Was the R219 million pay off a bonus or success fee for securing R13.5 billion recapitalisation?
Notwithstanding that this recapitalisation enabled Cell C to “finance” the acquisition of 45% shares by Blue Label Telecoms through selling its own shares.
With such earnings, Cell C’s top three executives have to be among the highest paid prescribed directors in the country’s lucrative mobile phone industry.
Their pay might have even eclipsed that of MTN, Africa and the Middle East largest mobile phone company, which is known to handsomely reward its executives.
The Cell C trio earned more than executives of Vodacom, the country’s largest cellphone operator – owned by British mobile phone giant Vodafone.
In 2017 financial year, Cell C’s executive directors, who served as prescribed officers, were paid R219 million four times more than the R50.9 million they were paid in 2016.
Employees and director’s performance and retention bonuses amounted to R652 million.
For full figures see an image below the story taken from Cell C’s 2017 Annual Financial Statements.
These figures were disclosed in Cell C’s 2017 financial year results filing with the London Stock Exchange for its First Priority Senior Secured Notes due 2020.
The financial figures were audited by KPMG.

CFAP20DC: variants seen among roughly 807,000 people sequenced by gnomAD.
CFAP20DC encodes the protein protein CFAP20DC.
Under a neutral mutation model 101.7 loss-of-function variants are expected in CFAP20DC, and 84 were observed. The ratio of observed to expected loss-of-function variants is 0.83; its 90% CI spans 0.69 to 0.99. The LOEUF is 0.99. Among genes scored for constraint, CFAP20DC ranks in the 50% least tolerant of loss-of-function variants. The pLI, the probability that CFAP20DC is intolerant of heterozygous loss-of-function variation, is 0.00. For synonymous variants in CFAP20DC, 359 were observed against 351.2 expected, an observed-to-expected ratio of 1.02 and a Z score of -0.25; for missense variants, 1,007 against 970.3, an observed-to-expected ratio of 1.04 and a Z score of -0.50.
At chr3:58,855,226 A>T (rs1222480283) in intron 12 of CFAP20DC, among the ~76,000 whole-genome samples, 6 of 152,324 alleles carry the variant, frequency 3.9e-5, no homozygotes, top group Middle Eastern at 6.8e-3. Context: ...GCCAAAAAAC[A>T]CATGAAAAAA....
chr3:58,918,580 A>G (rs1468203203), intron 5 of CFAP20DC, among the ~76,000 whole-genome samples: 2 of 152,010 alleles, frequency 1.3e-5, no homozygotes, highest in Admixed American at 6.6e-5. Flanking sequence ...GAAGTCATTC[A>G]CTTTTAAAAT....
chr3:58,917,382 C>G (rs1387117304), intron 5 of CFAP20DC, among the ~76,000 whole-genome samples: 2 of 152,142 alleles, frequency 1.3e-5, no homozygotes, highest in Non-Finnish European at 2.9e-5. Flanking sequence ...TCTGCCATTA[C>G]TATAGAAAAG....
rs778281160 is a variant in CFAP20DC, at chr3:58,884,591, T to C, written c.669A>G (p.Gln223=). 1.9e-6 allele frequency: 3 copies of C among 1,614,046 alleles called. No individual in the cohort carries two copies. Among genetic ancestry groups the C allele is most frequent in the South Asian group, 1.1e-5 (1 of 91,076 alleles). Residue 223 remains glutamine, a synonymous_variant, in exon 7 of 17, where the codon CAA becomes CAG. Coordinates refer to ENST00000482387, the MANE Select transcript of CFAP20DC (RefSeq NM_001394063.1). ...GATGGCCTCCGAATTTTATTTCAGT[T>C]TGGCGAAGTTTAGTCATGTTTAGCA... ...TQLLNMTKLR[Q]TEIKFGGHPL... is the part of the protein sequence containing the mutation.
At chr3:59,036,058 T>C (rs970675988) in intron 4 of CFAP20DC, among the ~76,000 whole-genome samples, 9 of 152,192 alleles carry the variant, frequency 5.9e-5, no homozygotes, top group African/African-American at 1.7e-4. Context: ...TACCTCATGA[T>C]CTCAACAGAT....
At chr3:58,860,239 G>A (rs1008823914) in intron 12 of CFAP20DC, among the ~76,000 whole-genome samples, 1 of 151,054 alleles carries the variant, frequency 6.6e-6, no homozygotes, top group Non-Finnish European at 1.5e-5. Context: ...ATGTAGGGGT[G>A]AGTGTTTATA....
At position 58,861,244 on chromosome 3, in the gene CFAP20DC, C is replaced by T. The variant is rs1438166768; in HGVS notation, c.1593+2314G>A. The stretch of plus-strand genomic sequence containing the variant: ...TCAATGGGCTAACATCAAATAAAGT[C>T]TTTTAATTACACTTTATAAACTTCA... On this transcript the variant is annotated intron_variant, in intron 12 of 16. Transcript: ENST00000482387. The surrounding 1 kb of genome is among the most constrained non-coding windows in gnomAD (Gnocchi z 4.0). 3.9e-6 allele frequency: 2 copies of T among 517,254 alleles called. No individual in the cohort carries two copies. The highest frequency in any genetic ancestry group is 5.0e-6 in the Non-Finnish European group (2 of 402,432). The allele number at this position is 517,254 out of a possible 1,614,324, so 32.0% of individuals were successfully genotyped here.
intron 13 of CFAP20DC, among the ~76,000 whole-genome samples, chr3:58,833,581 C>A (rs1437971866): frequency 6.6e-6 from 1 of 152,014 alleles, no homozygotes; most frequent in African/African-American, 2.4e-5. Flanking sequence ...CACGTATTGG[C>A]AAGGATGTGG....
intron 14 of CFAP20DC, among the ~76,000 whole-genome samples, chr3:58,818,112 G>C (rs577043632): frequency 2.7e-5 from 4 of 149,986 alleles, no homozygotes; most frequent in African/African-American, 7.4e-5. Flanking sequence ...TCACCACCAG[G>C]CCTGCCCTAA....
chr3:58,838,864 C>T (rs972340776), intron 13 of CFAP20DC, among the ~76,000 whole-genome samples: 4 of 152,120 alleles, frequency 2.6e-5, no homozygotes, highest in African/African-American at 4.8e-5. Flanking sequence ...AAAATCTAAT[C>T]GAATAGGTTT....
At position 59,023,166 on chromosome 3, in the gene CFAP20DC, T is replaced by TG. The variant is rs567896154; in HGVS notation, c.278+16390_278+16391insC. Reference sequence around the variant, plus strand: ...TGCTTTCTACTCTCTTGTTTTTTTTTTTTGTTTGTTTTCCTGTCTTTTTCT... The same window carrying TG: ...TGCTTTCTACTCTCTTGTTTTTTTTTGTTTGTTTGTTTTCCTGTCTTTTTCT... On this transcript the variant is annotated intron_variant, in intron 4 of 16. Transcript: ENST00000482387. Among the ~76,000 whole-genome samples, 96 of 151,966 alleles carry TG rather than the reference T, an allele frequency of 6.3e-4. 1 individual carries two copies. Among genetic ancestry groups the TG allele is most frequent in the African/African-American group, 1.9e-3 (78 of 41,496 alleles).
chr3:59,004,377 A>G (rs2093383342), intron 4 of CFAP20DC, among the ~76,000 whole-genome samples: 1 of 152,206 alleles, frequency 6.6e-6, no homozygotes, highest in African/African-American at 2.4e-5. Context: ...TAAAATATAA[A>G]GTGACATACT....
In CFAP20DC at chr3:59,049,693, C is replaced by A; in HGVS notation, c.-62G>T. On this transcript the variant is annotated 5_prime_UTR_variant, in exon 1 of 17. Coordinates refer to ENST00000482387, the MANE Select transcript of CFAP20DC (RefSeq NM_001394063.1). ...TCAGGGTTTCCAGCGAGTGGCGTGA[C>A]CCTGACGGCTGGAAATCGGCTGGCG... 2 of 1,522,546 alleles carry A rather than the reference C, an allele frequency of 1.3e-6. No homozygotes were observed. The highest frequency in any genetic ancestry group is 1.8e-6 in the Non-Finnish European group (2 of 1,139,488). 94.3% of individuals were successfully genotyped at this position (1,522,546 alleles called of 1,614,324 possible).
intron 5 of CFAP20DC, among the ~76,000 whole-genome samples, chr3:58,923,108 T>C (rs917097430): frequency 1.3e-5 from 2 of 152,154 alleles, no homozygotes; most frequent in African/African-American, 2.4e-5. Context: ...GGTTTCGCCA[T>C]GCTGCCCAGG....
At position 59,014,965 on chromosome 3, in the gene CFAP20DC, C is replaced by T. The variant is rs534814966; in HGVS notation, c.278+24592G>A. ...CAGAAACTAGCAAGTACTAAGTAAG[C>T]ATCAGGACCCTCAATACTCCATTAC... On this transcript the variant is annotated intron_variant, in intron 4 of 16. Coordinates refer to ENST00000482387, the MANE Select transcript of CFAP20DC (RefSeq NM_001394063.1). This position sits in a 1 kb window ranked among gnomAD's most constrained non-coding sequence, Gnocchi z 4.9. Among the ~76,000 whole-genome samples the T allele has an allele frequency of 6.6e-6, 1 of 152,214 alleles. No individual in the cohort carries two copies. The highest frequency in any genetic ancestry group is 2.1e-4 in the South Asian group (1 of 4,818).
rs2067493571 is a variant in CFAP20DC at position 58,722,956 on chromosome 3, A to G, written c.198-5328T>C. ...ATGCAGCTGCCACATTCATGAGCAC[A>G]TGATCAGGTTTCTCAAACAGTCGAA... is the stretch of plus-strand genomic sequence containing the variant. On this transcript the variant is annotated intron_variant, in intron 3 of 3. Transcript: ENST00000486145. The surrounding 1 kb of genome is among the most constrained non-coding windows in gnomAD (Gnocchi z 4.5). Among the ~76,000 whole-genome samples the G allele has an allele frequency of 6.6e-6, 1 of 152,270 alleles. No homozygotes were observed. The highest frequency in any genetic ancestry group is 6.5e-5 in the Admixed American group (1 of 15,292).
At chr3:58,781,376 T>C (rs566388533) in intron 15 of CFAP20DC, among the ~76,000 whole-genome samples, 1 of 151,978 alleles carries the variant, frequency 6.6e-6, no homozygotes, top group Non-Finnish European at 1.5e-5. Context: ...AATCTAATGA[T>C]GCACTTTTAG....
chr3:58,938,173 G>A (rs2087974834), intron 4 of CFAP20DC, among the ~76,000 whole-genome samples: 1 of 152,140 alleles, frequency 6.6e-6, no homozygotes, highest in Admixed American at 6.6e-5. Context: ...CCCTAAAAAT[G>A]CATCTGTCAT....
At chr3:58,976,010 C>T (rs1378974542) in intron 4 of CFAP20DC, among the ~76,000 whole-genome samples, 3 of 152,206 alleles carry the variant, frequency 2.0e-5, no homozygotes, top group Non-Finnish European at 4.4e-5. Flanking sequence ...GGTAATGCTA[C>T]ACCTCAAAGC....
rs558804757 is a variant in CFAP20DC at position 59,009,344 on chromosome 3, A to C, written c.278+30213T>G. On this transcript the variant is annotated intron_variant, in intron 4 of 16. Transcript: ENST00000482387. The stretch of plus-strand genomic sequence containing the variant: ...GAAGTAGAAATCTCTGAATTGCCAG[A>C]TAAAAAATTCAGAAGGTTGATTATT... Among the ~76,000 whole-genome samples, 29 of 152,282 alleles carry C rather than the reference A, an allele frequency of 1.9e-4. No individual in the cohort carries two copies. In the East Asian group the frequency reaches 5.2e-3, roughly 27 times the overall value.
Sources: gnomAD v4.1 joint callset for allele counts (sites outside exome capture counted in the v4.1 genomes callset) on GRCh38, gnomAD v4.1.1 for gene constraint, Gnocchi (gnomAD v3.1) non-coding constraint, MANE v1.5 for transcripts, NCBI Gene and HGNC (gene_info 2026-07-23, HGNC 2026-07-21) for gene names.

However, the disclosure doesn’t reveal how much each Cell C top three executives were paid.
Cell C’s prescribed officers in 2017 were its CEO Jose Dos Santos, Robert Pasley (Chief Strategy Officer), and Tyrone Soondarjee.
Soondarjee, who resigned in May 2018 as chief financial officer, might have forfeited his bonus, which is housed under the phantom share scheme.
The incredible amounts paid to Dos Santos, Pasley may be the “success fees” for concluding the sale of 40% to Blue Label Telecoms and therefore securing the landmark R13.5-billion recapitalisation of the company.
According to sources, Soondarjee only received about R4 million of this amount, meaning the rest was shared between Dos Santos and Pasley.
The company describes “success fees” as remuneration provided to employees upon successful completion of the recapitalisation transaction.
The remaining balance is paid half-yearly with the last payment due in July 2019, reads Cell C’s filing.
Most of the “success fees” went to the top executives, the finance and regulatory teams.
According to sources, other directors who received big bucks, include Chief Legal Officer Graham Mackinnon, who is alleged to have been paid close to R60 million and the company’s secretary Serenta Lotz. While Managing Executive, Themba Phiri and Joshua Moela, Managing Executive: Government Relations got close to about R20 million each, according to sources.
Asked for comment, Cell C’s spokeswomen requested us to share the company’s financial statements in our possession and we refused to do so, to protect our sources.
She later emailed stating: “The remuneration payable to management and staff that was disclosed in the AFSA 2017, included payments for short term and long term incentives, retention schemes and recapitalization success fees – across all categories of staff.”
The recapitalisation was concluded on 2 August 2017.
Even though it is believed that Cell C used its own airtime to enable Blue Label to buy the shares in the struggling company. For more read: How Cell C was bought with its own airtime